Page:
Walgreens said Wednesday that it will shutter 600 stores early next year following its $4.4 billion Rite Aid deal.
The company plans to shut down stores within a mile of another Walgreens or Rite Aid location. The closings will start next spring and will continue over an 18-month period.
The move is expected to cost Walgreens $450 million, but should save the Deerfield, Illinois-based company $300 million yearly by 2020, George Fairweather, Walgreens Alliance Boots chief financial officer, said on an earnings call this morning.
In September, the Walgreens Boots Alliance received regulatory approval to buy 1,900 Rite Aid stores from the Pennsylvania-based drugstore chain. The deal will make Walgreens the country’s largest retail pharmacy by store locations. Walgreens now has more than 13,200 stores worldwide.
The company said it expects to complete integration of the acquired stores within three years at an estimated cost of approximately $750 million. In addition, the company plans to spend approximately $500 million of capital on store conversions and related activities. The majority of the Rite Aid locations to change hands are on the East Coast.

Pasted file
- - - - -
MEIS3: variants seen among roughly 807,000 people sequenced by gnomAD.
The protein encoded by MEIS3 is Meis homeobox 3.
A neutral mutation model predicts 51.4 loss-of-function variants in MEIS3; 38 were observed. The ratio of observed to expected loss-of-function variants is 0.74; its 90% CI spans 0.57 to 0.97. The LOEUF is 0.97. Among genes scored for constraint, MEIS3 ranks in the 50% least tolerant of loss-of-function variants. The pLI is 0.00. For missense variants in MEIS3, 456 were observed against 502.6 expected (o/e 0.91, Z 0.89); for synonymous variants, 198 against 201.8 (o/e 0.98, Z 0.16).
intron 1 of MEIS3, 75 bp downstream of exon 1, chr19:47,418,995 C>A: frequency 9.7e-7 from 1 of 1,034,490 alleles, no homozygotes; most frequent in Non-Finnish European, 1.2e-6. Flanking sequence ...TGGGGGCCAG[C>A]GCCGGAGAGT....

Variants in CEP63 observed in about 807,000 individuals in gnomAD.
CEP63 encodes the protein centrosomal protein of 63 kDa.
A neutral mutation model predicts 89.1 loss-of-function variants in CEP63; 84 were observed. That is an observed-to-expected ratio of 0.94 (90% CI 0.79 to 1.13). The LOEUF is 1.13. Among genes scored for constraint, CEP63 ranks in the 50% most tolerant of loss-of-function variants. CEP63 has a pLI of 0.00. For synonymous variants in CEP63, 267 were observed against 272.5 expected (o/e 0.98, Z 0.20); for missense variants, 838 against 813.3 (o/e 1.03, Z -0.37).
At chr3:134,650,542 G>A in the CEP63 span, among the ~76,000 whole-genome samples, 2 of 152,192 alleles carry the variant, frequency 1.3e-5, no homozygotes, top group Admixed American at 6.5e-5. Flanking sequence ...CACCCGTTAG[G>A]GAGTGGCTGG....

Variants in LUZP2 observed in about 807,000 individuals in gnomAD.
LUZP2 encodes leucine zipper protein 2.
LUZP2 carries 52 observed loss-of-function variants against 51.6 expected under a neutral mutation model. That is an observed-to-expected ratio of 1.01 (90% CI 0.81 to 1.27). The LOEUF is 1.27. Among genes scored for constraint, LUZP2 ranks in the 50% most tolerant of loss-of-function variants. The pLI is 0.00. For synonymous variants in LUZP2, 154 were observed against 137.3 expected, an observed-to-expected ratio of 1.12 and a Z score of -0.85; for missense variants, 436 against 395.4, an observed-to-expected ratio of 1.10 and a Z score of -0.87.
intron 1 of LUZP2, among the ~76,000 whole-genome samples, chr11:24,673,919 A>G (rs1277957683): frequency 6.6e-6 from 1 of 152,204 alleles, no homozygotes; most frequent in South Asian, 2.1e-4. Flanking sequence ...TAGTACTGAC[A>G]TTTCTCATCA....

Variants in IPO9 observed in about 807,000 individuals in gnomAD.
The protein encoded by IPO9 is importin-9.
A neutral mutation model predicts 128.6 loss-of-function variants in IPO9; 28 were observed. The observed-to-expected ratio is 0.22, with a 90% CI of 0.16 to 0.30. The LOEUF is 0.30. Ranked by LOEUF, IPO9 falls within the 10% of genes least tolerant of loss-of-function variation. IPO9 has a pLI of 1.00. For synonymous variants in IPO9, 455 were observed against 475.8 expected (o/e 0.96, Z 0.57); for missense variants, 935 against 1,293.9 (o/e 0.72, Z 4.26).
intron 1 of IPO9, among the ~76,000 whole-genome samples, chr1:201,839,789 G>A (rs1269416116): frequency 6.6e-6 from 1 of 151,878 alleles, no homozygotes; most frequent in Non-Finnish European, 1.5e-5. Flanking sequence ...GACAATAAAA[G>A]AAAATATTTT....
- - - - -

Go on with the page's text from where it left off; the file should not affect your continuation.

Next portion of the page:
Walgreens beat analysts’ fourth-quarter estimates on a solid expansion of its program that allows customers to fulfill prescriptions by mail. During the fourth quarter, ended Aug. 31, revenue was up 5.3 percent to $30.15 billion. Analysts had expected $29.93 billion.
“We are pleased to report the company has performed well, with our businesses delivering significant progress while managing against ongoing prescription reimbursement pressure and competing in fast-changing retail environments,” Walgreens Boots Alliance CEO Stefano Pessina said in a statement. “We look forward to building on this solid underlying growth in the year to come, enhanced by the expansion of our U.S. retail pharmacy network through the upcoming purchases of Rite Aid stores.”
Source: Sacramento Business Journal